Roman Josi, Nashville Predators

The case for: Leading scorer among all defensemen with 96 points, a single season total in the top 10 at the position over the past 40 years, and the most since Phil Housley posted 97 points in 1992-93. Even more impressive: Josi’s 59 uniform strength points were the most of any blueliner since Paul Coffey scored 90 in 1985-86. Josi’s was the 11th-best uniform strength scoring point in the total season of any defense in NHL history.

Cala Makar, Colorado Avalanche

The case for: Although Makar finished 10 points behind Josi in the scoring race, he led the way with 28 goals, the third-most in the salary-cap era. Makar’s 1.12 points per game mark is also the No. 2 challenger to Josi’s 1.20 in the salary-cap era. Makar averaged the most minutes (25:40) and had the best goals per percentage, all situations (68.49) among all finalists.

Prediction: Roman Josi

The recency bias will make it seem crazy that Josi could be rewarded over Makar here, but his regular season was truly special. This could be a close vote, and the fact that his performance came on a bubble team might help Josi a bit.


Jacob Markstrom, Calgary Flames

The case for: The NHL leader in shutouts (9), Markstrom was third by GAA (2.22) and above-average goals saved (26.12), and he carried a heavy load for the Flames with 63 appearances en route to a division title. .

Juuse Saros, Nashville Predators

The case for: No goalkeeper had a heavier drive than Saros this season. He played more games (67) than any goalkeeper and was second in shots against (2,107) and saves (1,934).

Igor Shesterkin, New York Rangers

The case for: For the same reasons Shesterkin is a Hart Trophy finalist, he excels at his position here. Shesterkin’s performance in 2021-22 is the closest salary-cap era challenger to Tim Thomas’ breakout 2010-11 season in which he won the Vezina with 17 of 30 NHL GM votes.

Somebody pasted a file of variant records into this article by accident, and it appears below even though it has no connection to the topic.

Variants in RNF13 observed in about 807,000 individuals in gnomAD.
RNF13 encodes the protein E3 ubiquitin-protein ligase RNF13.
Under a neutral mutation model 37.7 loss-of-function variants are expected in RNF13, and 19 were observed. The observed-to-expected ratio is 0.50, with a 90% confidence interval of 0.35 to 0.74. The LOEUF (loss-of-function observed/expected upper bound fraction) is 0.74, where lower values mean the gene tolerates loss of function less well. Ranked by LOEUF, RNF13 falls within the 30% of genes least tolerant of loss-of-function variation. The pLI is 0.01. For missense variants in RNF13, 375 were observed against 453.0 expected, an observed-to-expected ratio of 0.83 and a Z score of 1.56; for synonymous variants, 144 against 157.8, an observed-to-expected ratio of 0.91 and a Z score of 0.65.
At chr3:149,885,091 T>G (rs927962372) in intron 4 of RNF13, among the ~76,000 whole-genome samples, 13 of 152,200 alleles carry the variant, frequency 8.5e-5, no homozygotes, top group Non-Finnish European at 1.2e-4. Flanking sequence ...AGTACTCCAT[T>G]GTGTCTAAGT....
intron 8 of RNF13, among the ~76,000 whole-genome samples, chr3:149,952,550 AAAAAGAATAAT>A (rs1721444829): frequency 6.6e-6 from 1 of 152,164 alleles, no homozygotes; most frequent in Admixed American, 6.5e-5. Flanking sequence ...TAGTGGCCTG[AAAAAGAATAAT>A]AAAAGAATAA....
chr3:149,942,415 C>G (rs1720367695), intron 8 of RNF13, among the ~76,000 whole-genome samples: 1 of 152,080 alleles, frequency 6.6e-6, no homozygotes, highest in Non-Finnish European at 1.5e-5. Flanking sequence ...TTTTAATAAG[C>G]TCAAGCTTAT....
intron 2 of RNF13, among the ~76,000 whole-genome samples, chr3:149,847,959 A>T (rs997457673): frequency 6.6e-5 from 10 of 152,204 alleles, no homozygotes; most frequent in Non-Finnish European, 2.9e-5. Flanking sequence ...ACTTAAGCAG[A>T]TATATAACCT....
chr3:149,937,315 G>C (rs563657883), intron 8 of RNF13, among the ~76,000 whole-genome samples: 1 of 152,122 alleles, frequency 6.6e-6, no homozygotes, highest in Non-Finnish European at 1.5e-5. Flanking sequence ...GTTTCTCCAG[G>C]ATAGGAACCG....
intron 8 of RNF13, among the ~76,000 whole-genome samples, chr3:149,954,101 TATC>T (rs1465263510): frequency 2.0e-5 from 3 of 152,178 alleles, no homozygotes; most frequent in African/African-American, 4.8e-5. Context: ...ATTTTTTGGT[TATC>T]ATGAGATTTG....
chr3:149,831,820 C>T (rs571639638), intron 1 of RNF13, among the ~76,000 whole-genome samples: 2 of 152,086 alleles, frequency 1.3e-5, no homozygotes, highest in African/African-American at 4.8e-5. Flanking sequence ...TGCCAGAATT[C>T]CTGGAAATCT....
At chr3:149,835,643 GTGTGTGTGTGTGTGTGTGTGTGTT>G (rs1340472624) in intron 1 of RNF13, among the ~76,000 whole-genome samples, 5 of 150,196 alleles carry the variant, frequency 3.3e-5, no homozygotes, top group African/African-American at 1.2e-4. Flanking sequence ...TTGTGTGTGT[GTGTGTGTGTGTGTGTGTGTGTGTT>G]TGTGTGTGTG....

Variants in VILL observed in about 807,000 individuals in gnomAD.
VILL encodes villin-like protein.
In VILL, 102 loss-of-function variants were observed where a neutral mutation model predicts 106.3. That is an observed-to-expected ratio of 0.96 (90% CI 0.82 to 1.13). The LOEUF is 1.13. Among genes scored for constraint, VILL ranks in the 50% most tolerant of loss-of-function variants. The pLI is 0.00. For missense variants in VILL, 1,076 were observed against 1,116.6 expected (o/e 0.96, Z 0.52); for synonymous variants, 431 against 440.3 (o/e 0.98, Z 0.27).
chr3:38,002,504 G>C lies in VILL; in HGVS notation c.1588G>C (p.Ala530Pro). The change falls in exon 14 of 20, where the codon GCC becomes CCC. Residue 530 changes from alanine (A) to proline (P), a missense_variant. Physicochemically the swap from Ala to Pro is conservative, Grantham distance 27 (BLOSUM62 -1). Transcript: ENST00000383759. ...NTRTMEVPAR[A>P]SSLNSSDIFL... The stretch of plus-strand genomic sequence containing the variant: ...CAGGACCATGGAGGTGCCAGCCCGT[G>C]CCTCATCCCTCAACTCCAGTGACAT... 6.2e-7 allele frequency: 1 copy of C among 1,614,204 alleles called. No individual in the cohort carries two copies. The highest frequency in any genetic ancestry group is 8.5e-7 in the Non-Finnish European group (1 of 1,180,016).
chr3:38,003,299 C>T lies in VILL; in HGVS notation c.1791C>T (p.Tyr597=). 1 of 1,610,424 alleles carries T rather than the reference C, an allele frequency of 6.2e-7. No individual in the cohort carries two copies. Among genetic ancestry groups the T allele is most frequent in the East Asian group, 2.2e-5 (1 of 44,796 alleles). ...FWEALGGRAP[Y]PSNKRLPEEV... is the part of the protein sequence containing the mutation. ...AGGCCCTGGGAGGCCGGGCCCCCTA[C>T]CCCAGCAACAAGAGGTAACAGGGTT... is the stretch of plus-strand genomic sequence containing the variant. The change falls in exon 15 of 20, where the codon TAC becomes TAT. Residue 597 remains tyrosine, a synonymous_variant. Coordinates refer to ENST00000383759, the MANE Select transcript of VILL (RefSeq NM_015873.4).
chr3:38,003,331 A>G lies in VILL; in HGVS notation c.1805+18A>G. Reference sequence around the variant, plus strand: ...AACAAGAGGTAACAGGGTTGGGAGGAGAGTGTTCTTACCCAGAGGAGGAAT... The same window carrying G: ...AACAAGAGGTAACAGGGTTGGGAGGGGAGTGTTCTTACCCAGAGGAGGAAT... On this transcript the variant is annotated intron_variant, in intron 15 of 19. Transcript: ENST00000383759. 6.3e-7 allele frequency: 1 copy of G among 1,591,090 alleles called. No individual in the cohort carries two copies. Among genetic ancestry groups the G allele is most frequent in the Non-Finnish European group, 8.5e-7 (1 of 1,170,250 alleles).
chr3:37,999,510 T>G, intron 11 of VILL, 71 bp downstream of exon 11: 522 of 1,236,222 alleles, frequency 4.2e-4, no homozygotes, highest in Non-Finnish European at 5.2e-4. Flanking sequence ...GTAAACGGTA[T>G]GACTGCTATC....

Prediction: Igor Shesterkin

He should be a runaway for the Rangers goalkeeper, who is now set to challenge and push Andrei Vasilevskiy for the World’s Best Goalkeeper title.


Michael Bunting, Toronto Maple Leafs

The case for: The rookie scoring leader with 63 points in 79 games, Bunting was also second in goals (23) and led both categories with even force.

Moritz Seider, Detroit Red Wings

The case for: Averaging more time on the ice (23:02) than any other rookie, Seider was a positive presence on both ends and became the fifth rookie defenseman of the salary-cap era to finish with 50 points, joining Cale Makar and Quinn. Hughes.

Trevor Zegras, Anaheim Ducks

The case for: The face of offensive creativity this season, Zegras was more than a graceful standout machine, finishing with 23 goals and 61 points, and second behind Matt Boldy (47 games played) at 0.81 points per game.

Prediction: Moritz Seider

He came into the NHL a polished blue liner, with positive shooting metrics on one of the NHL’s worst teams and elite offensive production for his age. This is the springboard to what is projected to be a solid, long NHL career, which should really take off once the Wings turn the corner.


Roman Josi, Nashville Predators

The case for: Elite offensive production and regular deployment against top competition.

Connor McDavid, Edmonton Oilers

The case for: A unique talent who takes over games at will, averages over 22 minutes per game and has claimed the title of Best Player in the World.

Austin Matthews, Toronto Maple Leafs

The case for: Matthews, one of the best natural scorers in the game, has improved defensively and added more physical elements to his game this season.

Prediction: Connor McDavid

In this season’s player poll, the NHLers voted McDavid the player they would most want on their team if they needed to win a game, and they were second (to Brad Marchand) in voting for the player they would least like to play against. Reputation could influence a player’s vote, so these results seem to bode well for McDavid here.